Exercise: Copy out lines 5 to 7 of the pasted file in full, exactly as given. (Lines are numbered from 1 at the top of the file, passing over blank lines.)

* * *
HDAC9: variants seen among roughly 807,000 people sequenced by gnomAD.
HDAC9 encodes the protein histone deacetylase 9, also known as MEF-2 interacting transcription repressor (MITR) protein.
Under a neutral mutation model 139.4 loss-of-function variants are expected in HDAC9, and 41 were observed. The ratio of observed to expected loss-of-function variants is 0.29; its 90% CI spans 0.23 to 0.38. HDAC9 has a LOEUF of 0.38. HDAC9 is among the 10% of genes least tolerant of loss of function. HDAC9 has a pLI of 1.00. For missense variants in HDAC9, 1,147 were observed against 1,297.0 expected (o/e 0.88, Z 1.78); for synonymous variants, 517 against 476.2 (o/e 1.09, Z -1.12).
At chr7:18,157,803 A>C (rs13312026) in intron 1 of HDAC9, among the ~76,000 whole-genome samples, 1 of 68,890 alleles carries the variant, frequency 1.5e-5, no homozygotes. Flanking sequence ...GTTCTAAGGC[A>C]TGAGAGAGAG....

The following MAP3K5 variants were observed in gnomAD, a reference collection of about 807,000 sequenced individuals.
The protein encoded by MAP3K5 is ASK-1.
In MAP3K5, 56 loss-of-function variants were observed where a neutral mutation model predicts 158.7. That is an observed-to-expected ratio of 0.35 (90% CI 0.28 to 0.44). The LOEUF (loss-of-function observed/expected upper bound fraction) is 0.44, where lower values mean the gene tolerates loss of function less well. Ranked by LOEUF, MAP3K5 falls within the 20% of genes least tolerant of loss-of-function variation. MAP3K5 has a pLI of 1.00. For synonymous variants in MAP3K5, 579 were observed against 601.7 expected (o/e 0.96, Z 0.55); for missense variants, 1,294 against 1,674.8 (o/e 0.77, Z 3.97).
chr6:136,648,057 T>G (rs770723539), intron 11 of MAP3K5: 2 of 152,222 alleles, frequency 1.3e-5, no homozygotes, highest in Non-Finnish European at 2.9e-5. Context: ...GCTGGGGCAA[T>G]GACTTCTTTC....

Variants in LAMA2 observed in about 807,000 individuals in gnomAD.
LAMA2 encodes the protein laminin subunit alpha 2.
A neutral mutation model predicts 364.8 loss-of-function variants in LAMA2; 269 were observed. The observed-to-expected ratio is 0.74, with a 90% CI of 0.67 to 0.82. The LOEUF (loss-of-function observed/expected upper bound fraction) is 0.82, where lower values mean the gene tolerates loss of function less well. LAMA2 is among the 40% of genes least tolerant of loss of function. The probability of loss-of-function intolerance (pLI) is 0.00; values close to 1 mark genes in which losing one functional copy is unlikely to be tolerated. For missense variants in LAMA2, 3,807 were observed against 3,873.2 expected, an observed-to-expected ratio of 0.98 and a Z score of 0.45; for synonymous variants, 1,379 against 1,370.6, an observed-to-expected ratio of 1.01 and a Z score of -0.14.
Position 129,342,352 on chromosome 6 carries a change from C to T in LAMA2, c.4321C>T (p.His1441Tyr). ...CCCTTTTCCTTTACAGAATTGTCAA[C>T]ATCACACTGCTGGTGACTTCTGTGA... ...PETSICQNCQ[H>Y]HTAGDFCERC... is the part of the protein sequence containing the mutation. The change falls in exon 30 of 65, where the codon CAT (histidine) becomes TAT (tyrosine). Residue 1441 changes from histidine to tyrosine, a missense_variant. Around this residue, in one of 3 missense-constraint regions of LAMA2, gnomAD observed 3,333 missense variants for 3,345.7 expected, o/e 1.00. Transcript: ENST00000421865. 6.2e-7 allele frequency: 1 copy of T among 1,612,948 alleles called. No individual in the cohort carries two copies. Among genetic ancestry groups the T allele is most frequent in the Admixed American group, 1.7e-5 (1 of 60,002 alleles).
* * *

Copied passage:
The following MAP3K5 variants were observed in gnomAD, a reference collection of about 807,000 sequenced individuals.
The protein encoded by MAP3K5 is ASK-1.
In MAP3K5, 56 loss-of-function variants were observed where a neutral mutation model predicts 158.7. That is an observed-to-expected ratio of 0.35 (90% CI 0.28 to 0.44). The LOEUF (loss-of-function observed/expected upper bound fraction) is 0.44, where lower values mean the gene tolerates loss of function less well. Ranked by LOEUF, MAP3K5 falls within the 20% of genes least tolerant of loss-of-function variation. MAP3K5 has a pLI of 1.00. For synonymous variants in MAP3K5, 579 were observed against 601.7 expected (o/e 0.96, Z 0.55); for missense variants, 1,294 against 1,674.8 (o/e 0.77, Z 3.97).